When K. and his uncle arrive at the house of K.'s lawyer, the door is opened by the lovely maid Leni. K. is obviously very keen on her. There is also a senior clerk of the Court. He has taken a special interest in the trial of K.. They all meet in the bedroom of the lawyer who has a weak heart and has to stay in bed. When the important discussion is about to begin, a noise is heard from the kitchen. K. says that he will go to the kitchen to see what's wrong. With a sigh of relief he closes the door behind him. He sees pretty Leni and forgets all about the important meeting. K. likes to flirt with Leni. At a given moment she says:"All you have to do is to confess that you are guilty". With feminine insight she knows what is wrong with K.. He's guilty of childish egoism. Meanwhile the three others are still waiting in the bedroom of the lawyer.

    Another important moment in the novel is when a priest hails K. in the church where he was supposed to meet someone. The priest is a symbol for K's conscience. At a certain moment during their conversation K. asks: "Are you angry with me?" and the priest answers: "I'm not angry with you, but can't you see what lies ahead of you?" At this point K. is very close to his redemption, his problems could be solved at this very moment, if only he had the nerve or the courage to continue this conversation. But no, he says "it's time for me to go back to my work. I'm already late.
    Now K. is inexorably doomed.

    5 out of 10 people found this review helpful.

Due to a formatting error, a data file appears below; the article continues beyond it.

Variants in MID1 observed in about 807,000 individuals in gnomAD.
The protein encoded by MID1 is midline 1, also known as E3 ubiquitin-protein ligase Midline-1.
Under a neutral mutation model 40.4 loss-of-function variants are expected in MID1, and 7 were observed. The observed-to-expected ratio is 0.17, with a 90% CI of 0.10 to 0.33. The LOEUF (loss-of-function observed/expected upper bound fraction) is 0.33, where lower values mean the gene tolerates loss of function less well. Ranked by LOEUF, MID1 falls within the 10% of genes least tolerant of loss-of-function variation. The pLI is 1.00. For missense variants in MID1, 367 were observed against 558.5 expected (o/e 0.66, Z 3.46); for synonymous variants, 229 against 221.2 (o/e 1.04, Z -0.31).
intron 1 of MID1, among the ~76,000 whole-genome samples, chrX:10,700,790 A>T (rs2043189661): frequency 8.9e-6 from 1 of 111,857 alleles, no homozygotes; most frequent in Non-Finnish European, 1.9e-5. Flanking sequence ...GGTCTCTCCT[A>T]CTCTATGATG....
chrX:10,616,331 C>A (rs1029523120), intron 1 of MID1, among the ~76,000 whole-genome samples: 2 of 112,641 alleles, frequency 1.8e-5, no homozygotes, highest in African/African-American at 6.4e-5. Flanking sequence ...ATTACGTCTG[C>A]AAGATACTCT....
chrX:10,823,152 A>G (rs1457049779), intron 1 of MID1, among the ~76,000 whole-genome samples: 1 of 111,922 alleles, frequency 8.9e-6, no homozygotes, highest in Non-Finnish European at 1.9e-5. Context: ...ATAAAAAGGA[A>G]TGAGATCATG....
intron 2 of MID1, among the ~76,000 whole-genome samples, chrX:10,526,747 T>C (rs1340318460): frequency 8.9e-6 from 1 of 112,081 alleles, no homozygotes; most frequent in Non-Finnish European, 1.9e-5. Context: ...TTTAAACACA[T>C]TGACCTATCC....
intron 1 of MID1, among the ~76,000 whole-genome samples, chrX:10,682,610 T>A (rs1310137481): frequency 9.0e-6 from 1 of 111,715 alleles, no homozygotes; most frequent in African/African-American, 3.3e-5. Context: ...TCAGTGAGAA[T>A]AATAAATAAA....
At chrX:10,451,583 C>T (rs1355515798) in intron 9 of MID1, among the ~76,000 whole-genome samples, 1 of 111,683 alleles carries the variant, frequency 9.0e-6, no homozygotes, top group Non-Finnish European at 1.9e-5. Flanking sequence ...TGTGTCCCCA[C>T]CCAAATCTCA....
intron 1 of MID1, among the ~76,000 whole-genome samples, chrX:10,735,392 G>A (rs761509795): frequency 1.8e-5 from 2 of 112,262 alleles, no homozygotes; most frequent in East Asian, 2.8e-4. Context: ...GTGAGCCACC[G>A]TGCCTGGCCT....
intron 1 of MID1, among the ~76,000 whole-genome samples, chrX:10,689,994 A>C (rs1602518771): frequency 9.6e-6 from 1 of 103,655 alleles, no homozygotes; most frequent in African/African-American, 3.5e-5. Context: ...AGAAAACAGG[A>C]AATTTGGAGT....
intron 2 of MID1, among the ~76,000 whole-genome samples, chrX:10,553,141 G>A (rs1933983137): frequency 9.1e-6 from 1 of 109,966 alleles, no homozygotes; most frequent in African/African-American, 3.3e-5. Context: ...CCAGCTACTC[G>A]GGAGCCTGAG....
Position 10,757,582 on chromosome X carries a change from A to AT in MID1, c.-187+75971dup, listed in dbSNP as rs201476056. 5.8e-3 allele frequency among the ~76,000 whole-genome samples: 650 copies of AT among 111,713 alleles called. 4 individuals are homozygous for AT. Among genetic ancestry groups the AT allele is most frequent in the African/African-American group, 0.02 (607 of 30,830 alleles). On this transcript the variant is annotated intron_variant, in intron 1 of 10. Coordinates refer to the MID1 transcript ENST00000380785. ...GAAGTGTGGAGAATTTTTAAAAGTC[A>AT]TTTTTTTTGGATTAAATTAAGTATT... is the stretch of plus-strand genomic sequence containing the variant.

Was this review helpful? Yes  No   Report this review
  • Anonymous

    Posted August 19, 2004

    Almost Prefect

    I am a complete Kafka freak. I have read almost every one of his novels, short stories and diaries in many of the available translations and the original language. I must say, that 'The Trial' is the most perfect example of Kafkaesque literature, aside from 'The Metamorphosis'. It can also be noted that it is one of the less complex novels by Kafka.

    3 out of 3 people found this review helpful.

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  • Anonymous

    Posted April 2, 2000

    A Modern Classic

    Contrary to the other customers who wrote a review on The Trial, I enjoyed the novel thoroughly. I found many parallels to Camus's The Stranger and was shaken by its prophecies towards the downfall of Marxism and Communism. I admit it is easy to get lost in Kafka's convuluted style, but one most look deeper into this novel and extract an important theme. This theme is existensialism and is first explored in this novel. Finally, the book is a comment on our judiciary and governmental bureaucracies that exist today.

    3 out of 3 people found this review helpful.

    Was this review helpful? Yes  No   Report this review
  • Anonymous

    Posted January 3, 2000

    It was interesting, to a point

    I checked this book out for my AP English class, and I was going crazy trying to figure it out. Now it could be different from an adult perspective, but I thought that it was confusing. It is overwritten. Toward the end I was reading every-other page and getting more out of it then reading everyone. I would not recomend this book to a teeneger or someone who would like to do a book report on it.

    3 out of 4 people found this review helpful.

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  • Anonymous

    Posted September 2, 2004

    a classic

    Kafka¿s unfinished novel, blended with surrealism and a disturbing apathetic world, makes us realize that we ourselves, all our lives, are incomplete, absurdly alive in a world that haunts us with death, anxiety and the hostility of society at every turn...making us realize that our plight is hopeless so long as we cherish the cherries of the common. This is a book for all who know the worst of life and man, who know what it means to be unique, and above all, alone in a world that simply does not care.

    2 out of 2 people found this review helpful.

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  • Anonymous

    Posted February 16, 2005

    Great as a book, bad as a fossil fuel.